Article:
Collavini Ribolla Gialla Brut 2014
Collavini were at the forefront of reviving this ancient varietal, planting 4.5 hectares back in the 1970’s when most people were grubbing it up to plant French varietals. First documented in a deed of sale in 1299, this vine is believed to have arrived in the region via legionaries passing between Pannonia (modern Hungary) and Gaul. The current owner, Manlio Collavini, has continued to expand the area under vine to 15 hectares, earning him the epithet of ‘Lord of Ribolla’! They make an excellent and very reasonably priced still wine but this sparkling version is totally unique. After the initial fermentation (partly in barrique) the wine is aged on the lees in large gently rotating horizontal tanks for a least 30 lunar cycles before fining, bottling and release.
Description: mid gold, with good mousse of very fine bubbles. A soft biscuity nose with perhaps a hint of acacia makes way for a crisp dry palate. Textural but with refreshing “cut”
ANTIPASTI: San Daniele ham, torn mozzarella, roasted peaches & toasted almonds
It is time to take to the table for one of Friuli’s gastronomic treasures, San Danieli ham. Any Friulano, or Friulana, will tell you to forget about the inferior and cheaper product from – whisper it – “Parma”. They will tell you theirs comes from smaller pigs fed on better food, salted more gently and aged in the superior, drier winds of central Friuli. Produced in smaller quantities, it is more aromatic, sweeter and fattier than “the other stuff”. Reassuringly expensive, it melts in the mouth and is perfectly matched by Attems Cicinis Sauvignon Blanc 2017.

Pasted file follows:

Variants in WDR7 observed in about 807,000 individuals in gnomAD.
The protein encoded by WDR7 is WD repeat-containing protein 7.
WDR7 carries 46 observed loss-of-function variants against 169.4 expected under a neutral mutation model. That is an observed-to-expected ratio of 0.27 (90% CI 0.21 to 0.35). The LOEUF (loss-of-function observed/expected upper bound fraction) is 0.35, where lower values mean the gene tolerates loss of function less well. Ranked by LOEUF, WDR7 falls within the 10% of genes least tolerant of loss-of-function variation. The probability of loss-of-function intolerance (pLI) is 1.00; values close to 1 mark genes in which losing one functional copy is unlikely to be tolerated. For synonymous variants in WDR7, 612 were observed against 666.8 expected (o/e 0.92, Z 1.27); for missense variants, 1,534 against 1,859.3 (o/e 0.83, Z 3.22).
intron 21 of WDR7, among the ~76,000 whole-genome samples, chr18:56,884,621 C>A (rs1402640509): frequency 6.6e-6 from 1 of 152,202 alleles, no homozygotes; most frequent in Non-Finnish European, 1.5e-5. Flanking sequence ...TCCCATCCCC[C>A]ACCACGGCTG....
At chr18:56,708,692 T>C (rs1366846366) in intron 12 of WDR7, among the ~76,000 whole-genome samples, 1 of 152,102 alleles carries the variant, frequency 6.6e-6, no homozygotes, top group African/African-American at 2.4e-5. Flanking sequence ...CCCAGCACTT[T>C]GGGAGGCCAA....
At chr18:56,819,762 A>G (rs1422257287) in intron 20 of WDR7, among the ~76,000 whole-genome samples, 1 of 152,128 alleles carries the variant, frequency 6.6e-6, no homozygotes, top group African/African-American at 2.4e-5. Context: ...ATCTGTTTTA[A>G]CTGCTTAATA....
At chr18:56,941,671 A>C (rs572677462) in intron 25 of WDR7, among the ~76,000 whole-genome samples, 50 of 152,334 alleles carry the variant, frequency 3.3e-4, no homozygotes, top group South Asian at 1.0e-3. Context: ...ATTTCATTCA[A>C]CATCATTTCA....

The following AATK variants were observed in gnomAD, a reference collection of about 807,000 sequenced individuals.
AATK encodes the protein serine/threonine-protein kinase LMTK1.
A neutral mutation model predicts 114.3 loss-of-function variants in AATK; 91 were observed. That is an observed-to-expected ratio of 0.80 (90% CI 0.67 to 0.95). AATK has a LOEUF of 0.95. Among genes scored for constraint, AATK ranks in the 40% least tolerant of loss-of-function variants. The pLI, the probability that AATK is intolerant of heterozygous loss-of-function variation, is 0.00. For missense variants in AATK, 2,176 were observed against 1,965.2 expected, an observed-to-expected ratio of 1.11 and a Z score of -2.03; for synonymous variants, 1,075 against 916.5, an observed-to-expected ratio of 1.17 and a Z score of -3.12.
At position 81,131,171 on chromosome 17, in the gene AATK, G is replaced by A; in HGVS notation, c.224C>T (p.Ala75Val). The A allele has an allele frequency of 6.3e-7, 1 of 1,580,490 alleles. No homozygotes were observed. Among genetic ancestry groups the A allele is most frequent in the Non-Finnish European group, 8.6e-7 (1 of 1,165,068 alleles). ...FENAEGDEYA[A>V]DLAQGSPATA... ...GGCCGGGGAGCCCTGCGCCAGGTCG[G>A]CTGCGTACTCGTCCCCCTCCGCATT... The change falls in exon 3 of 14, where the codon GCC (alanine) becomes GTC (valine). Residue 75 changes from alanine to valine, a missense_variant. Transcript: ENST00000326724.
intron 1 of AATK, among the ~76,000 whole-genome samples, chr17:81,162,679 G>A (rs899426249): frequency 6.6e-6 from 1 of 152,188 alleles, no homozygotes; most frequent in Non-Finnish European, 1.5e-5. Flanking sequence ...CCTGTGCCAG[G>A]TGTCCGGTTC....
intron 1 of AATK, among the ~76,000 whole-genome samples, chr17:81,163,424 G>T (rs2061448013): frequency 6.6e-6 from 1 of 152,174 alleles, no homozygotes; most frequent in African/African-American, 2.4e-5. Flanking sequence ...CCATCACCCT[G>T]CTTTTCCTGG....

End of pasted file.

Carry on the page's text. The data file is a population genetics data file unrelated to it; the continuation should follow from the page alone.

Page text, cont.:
The Attems dynasty has a history of winemaking that can be traced back to 1106. Purchased by the Frescobaldi family in 2000 it now covers 44 hectares, but the Cicinis vineyard – located in the famous Collio district close to Gorizia – produces their best wine. The grapes are picked in different states of ripeness and then aged appropriately in either stainless steel, traditional oak barrels, or state of the art cement “eggs”. The wine is then assembled prior to bottling, drawing its separate qualities together. The result is both density and complexity, as well as the typical aromatics and familiar fresh acidity you’d expect from this varietal. It is a beautiful, silky, homogenous wine and to my mind, one of finest expressions of Sauvignon in the world.
PRIMO: Pan-fried fillet of sea bream with shaved fennel and orange salad
For this course we must imagine travelling south to the coast to Friuli’s capital, Trieste. This area is the Carso, a rugged strip of land between the Slovenian border and the Adriatic which, notionally at least, is the source of our fish today.
Accompanying this we are trying two vintages of Edi Kante’s Vitovska. Whilst it may sound like a discounted brand of Vodka, it is in fact an indigenous grape varietal; a cross between Prosecco’s Glera grape and Malvasia. Edi Kante explains: “Mankind should be proud of the land he works. Each territory can create something special, so in the vineyards of the Collio, it’s Ribolla Gialla; in my region of the Carso, it’s Vitovska grapes”